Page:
Water and agricultural officials welcomed recent rainstorms, but said they still may be too little and too late to significantly help water-strapped farmers in Merced County.
“Every drop helps, but we’re so far behind the curve at this point that even these storms won’t get us where we need to be,” said Mike Jensen, a spokesman for the Merced Irrigation District.
Forecasters with the National Weather Service in Hanford said Merced has received nearly an inch of rain since Thursday and they expected 0.25 or 0.38 inches through Saturday.
“But we’re still going to be quite a bit below average for this time of year,” said meteorologist Jim Andersen.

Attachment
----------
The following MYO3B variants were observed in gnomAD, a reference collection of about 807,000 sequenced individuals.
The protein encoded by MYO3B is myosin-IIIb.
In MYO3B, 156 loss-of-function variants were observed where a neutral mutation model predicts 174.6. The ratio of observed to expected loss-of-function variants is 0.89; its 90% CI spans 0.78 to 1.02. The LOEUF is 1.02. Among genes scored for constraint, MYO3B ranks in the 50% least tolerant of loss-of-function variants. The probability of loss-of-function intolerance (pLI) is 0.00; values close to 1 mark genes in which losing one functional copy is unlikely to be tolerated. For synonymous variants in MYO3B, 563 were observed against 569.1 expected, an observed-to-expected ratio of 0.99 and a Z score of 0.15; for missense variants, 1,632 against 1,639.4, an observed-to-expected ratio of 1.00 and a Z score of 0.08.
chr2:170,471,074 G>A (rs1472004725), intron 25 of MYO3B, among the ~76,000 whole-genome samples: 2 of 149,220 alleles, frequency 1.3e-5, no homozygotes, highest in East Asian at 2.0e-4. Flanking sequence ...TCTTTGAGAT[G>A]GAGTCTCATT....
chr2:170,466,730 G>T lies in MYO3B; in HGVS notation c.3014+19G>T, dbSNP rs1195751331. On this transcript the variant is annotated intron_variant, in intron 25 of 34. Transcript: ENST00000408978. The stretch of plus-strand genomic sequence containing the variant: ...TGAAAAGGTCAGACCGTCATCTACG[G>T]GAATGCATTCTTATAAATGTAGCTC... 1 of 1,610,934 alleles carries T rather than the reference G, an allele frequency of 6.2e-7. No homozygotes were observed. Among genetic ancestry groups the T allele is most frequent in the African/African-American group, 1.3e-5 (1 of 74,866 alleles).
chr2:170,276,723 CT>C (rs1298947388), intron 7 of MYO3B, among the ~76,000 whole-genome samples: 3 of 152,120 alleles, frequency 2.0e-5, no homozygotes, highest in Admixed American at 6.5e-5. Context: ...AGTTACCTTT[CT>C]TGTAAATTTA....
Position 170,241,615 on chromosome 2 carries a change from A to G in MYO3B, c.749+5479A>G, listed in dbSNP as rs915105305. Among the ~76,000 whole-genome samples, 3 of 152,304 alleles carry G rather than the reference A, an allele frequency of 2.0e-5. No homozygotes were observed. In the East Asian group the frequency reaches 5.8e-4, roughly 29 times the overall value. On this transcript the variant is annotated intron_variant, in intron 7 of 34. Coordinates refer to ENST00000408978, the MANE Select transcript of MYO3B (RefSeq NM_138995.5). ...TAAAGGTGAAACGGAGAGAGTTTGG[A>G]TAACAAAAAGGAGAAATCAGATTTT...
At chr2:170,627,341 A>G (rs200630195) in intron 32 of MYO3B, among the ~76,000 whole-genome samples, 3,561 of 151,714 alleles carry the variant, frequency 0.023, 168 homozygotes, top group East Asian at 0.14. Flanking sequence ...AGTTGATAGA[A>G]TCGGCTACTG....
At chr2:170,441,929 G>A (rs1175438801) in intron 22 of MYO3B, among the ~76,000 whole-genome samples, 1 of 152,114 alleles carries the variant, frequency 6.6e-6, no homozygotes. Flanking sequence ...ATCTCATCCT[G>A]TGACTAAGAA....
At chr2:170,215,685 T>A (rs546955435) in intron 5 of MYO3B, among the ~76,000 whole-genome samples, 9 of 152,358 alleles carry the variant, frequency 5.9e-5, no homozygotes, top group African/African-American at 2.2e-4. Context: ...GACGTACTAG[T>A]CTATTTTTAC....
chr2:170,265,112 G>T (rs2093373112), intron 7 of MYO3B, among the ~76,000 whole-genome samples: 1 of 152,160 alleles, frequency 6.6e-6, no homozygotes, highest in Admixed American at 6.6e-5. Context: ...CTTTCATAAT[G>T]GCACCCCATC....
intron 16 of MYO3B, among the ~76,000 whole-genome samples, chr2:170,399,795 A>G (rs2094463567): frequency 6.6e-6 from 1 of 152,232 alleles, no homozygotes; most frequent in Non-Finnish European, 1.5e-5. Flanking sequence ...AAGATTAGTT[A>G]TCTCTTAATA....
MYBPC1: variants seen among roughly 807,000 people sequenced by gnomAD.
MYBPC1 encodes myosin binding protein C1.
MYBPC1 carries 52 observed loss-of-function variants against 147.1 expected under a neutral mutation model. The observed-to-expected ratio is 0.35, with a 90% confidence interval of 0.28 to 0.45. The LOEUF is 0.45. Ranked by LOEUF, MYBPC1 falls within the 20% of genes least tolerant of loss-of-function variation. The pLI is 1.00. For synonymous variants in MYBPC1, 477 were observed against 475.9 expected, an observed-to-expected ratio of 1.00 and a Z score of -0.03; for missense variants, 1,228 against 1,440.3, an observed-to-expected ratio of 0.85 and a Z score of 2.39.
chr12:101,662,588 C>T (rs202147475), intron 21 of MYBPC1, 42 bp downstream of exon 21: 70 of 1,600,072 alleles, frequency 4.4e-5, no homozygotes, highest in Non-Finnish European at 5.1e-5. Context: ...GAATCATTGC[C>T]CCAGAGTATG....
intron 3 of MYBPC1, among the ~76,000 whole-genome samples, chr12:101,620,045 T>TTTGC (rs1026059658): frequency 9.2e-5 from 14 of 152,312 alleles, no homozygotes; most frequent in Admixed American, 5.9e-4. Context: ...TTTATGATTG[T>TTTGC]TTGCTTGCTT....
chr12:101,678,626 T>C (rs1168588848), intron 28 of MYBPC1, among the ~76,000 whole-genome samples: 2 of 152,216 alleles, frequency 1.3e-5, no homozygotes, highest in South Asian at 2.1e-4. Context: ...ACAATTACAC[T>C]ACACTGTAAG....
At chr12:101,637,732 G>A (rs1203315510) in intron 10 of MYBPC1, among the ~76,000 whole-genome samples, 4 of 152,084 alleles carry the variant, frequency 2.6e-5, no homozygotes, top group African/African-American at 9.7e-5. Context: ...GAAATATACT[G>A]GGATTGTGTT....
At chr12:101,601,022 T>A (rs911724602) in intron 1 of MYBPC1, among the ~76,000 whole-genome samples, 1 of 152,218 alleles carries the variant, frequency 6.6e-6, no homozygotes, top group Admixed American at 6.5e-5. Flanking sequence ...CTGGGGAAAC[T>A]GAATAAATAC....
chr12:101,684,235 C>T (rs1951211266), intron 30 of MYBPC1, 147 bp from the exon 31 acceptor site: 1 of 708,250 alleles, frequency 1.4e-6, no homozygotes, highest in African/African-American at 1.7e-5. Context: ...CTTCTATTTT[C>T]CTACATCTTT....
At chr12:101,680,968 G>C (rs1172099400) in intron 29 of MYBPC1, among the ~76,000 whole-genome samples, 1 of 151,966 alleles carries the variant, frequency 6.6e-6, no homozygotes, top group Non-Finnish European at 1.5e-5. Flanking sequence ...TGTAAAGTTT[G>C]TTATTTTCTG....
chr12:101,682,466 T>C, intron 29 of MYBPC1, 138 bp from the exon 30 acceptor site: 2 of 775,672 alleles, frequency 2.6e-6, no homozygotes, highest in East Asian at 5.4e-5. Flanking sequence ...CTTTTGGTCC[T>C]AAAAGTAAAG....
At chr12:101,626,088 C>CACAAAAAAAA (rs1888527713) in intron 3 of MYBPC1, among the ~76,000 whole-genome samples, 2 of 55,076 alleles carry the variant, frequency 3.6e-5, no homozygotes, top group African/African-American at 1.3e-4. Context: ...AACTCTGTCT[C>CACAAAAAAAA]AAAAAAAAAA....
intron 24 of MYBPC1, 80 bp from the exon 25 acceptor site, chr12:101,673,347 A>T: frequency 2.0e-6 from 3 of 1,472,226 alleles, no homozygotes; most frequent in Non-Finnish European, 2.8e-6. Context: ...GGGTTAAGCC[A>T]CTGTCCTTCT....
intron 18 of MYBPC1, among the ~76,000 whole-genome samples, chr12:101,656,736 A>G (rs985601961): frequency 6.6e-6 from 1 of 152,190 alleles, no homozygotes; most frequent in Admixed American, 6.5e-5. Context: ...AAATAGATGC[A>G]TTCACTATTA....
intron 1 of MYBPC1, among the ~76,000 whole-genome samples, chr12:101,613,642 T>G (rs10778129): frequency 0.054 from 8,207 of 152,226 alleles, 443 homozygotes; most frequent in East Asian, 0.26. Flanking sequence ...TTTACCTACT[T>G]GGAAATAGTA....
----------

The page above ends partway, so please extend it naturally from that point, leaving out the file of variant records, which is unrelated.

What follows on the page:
The weather service said that after this weekend’s storms, Merced County will have collected just under 3 inches of rainfall for the year. The county typically gets nearly 9 inches in the same time frame in non-drought years.
“We are down almost six inches,” meteorologist Bill Peterson said.
Forecasters expected rain through Saturday with the weather clearing again Sunday. They called for a 20 percent chance of rain Monday and a clear sky again Tuesday, with temperatures climbing above 70 degrees.
The Merced County Farm Bureau called the drought “unprecedented.”
“The rain we’re having is very pleasant and welcome,” said Amanda Carvajal, the Farm Bureau’s executive director. “But it’s just not enough.”
Carvajal said farmers need more rain and a larger snowpack.
“We really are in uncharted waters now,” Carvajal said. “Every farmer, every water district meeting, you can really feel the tension everywhere.”